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Hymnic Affirmation of Divine Justice
James L. Crenshaw
“The doxologies in Amos (4:13; 5:8–9; 9:5–6) are symptomatic of the vagaries of biblical study. Some accept them as authentic passages but do not interpret them with the total message of Amos. Others label them as spurious and then relegate them to the category of liturgical additions. In this publication of his 1964 Vanderbilt dissertation Professor Crenshaw undertakes to study the function and form of the Amos and related (e.g., Second Isaiah) doxologies, pointing out that these hymnic affirmations are not alien theological accretions.… Crenshaw’s study has three very positive dimensions. Firstly, it clearly shows later additions to the text should not be relegated to the limbo of secondary passages. Rather, later hands have rightly sought to apply the message of Amos to new situations. … Secondly, Crenshaw has rightly insisted on the soteriological dimension of creation whereby creation is not a static but an ongoing reality.… Thirdly, Crenshaw has cogently argued that Israel’s prayer is also a locus for theological productivity.”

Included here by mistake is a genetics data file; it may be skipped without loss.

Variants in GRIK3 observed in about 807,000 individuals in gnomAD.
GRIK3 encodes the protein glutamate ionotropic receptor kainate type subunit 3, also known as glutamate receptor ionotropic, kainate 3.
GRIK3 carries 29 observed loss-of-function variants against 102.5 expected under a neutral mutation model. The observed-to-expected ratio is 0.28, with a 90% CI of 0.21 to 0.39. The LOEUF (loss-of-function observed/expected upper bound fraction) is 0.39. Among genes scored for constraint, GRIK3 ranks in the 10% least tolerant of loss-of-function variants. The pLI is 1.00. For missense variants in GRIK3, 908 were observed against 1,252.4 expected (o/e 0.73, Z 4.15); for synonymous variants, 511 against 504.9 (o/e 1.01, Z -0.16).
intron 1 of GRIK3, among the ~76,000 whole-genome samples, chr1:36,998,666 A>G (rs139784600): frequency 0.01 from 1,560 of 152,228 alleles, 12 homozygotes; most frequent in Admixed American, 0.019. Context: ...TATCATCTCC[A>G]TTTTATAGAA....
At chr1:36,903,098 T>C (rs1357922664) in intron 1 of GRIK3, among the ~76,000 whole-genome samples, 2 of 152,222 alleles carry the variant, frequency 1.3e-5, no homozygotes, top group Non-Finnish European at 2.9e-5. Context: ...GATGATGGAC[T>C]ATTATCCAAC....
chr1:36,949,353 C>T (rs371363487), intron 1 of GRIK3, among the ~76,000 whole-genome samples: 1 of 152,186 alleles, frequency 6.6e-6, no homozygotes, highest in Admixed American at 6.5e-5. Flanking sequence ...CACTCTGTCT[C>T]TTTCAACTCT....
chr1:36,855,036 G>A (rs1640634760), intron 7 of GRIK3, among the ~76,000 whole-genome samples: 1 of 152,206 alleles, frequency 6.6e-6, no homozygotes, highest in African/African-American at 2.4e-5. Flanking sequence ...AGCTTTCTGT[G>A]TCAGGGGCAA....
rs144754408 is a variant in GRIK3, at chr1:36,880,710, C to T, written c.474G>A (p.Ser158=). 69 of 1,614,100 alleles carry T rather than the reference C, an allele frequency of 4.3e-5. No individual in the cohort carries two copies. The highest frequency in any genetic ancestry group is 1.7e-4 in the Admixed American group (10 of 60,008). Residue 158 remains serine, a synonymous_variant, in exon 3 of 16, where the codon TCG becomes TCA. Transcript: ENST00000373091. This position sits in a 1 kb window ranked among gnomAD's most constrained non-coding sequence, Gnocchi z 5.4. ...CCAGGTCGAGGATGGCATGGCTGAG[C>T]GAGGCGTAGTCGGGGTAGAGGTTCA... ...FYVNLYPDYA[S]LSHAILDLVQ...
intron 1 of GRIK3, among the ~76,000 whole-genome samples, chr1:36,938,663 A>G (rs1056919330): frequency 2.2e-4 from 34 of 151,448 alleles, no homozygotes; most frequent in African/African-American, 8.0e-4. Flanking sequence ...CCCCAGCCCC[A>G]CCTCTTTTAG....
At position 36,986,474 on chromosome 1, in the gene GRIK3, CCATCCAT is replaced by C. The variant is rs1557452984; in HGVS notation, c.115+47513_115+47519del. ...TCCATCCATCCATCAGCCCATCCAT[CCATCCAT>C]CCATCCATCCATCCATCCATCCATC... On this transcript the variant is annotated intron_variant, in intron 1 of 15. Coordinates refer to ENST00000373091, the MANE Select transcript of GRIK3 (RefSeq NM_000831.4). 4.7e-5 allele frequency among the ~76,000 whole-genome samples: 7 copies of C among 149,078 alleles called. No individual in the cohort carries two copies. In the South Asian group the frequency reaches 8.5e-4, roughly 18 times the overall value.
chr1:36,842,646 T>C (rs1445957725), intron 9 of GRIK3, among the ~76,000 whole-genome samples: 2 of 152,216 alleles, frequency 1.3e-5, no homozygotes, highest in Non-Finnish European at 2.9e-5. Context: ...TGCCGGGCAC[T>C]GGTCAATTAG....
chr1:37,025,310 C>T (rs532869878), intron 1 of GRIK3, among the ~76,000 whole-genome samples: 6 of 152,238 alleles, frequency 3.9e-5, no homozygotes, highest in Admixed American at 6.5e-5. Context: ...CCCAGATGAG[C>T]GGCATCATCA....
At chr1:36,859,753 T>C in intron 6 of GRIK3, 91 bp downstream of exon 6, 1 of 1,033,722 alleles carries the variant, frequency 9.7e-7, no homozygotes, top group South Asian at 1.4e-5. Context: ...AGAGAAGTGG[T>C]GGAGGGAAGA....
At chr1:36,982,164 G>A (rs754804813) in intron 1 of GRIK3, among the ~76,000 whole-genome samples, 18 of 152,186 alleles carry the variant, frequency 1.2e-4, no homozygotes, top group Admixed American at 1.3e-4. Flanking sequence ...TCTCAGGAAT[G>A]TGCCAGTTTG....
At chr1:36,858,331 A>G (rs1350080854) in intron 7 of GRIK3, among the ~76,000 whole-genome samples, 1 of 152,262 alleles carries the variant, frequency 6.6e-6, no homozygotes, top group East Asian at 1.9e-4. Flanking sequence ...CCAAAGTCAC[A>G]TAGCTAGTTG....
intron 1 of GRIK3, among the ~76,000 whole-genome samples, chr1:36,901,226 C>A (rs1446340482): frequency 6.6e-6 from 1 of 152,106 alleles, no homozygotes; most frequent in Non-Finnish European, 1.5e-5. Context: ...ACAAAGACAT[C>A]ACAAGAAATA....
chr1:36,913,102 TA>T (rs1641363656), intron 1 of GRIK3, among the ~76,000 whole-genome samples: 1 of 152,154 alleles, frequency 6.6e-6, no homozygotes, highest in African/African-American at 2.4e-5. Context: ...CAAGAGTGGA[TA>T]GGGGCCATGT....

— John F. Craghan,
Catholic Biblical Quarterly
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